Aeronautical Information Manual (AIM), page 362

Index   361 -- Page 362 -- 363


aged due to increased workload for pilots to reprogram the
navigation system.

f. An RF leg is defined as a constant radius circular

path around a defined turn center that starts and ter-

minates at a fix. An RF leg may be published as part
of a procedure. Since not all aircraft have the capabil-
ity to fly these leg types, pilots are responsible for
knowing if they can conduct an RNAV approach with
an RF leg. Requirements for RF legs will be indicated
on the approach chart in the notes section or at the
applicable initial approach fix. Controllers will clear
RNAV-equipped aircraft for instrument approach
procedures containing RF legs:

1. Via published transitions, or

2. In accordance with paragraph e6 above, and

3. ATC will not clear aircraft direct to any

waypoint beginning or within an RF leg, and will not

assign fix/waypoint crossing speeds in excess of
charted speed restrictions.
Controllers will not clear aircraft direct to THIRD because
that waypoint begins the RF leg, and aircraft cannot be
vectored or cleared to TURNN or vectored to intercept the
approach segment at any point between THIRD and
FORTH because this is the RF leg. (See FIG 5-4-14.)
g. When necessary to cancel a previously issued
approach clearance, the controller will advise the pi-
lot "Cancel Approach Clearance" followed by any
additional instructions when applicable.

5-4-7. Instrument Approach Procedures

a. Aircraft approach category means a grouping of
aircraft based on a speed of VREF, if specified, or if
VREF is not specified, 1.3 VSO at the maximum
certified landing weight. V REF, V SO , and the
maximum certified landing weight are those values as
established for the aircraft by the certification
authority of the country of registry. A pilot must use
the minima corresponding to the category determined
during certification or higher. Helicopters may use
Category A minima. If it is necessary to operate at a
speed in excess of the upper limit of the speed range
for an aircraft's category, the minimums for the
higher category must be used. For example, an
airplane which fits into Category B, but is circling to
land at a speed of 145 knots, must use the approach

Category D minimums. As an additional example, a
Category A airplane (or helicopter) which is
operating at 130 knots on a straight-in approach must

use the approach Category C minimums. See the

following category limits:

1. Category A: Speed less than 91 knots.

2. Category B: Speed 91 knots or more but less
than 121 knots.

3. Category C: Speed 121 knots or more but
less than 141 knots.

4. Category D: Speed 141 knots or more but
less than 166 knots.

5. Category E: Speed 166 knots or more.

VREF in the above definition refers to the speed used in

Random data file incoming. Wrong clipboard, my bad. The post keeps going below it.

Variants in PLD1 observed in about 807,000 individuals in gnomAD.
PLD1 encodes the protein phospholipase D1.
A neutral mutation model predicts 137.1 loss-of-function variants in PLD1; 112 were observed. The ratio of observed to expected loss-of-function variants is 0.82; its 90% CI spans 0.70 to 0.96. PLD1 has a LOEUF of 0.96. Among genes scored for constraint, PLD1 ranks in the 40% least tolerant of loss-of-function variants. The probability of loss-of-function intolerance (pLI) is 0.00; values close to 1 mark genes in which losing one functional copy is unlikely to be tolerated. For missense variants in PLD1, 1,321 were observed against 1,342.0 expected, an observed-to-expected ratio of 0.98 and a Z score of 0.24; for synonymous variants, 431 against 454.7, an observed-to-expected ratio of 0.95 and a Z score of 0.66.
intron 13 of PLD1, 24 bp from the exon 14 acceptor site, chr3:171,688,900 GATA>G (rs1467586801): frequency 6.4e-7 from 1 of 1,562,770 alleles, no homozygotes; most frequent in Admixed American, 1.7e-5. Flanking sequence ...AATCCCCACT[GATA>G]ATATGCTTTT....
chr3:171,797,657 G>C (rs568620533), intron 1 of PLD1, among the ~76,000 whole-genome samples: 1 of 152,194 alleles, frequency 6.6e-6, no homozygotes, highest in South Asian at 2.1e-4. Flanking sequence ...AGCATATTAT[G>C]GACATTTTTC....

establishing the approved landing distance under the
airworthiness regulations constituting the type
certification basis of the airplane, regardless of whether
that speed for a particular airplane is 1.3 VSO, 1.23 VSR, or
some higher speed required for airplane controllability.
This speed, at the maximum certificated landing weight,
determines the lowest applicable approach category for
all approaches regardless of actual landing weight.
b. When operating on an unpublished route or
while being radar vectored, the pilot, when an
approach clearance is received, must, in addition to
complying with the minimum altitudes for IFR
operations (14 CFR Section 91.177), maintain the
last assigned altitude unless a different altitude is
assigned by ATC, or until the aircraft is established on
a segment of a published route or IAP. After the
aircraft is so established, published altitudes apply to
descent within each succeeding route or approach
segment unless a different altitude is assigned by
ATC. Notwithstanding this pilot responsibility, for
aircraft operating on unpublished routes or while
being radar vectored, ATC will, except when
conducting a radar approach, issue an IFR approach
clearance only after the aircraft is established on a
segment of a published route or IAP, or assign an
altitude to maintain until the aircraft is established on
a segment of a published route or instrument
approach procedure. For this purpose, the procedure
turn of a published IAP must not be considered a
segment of that IAP until the aircraft reaches the
initial fix or navigation facility upon which the
procedure turn is predicated.

5-4-26 Arrival Procedures

Page 362 of the Aeronautical Information Manual (AIM.pdf)
AIM: Official Guide to Basic Flight Information and ATC Procedures

Index   361 -- Page 362 -- 363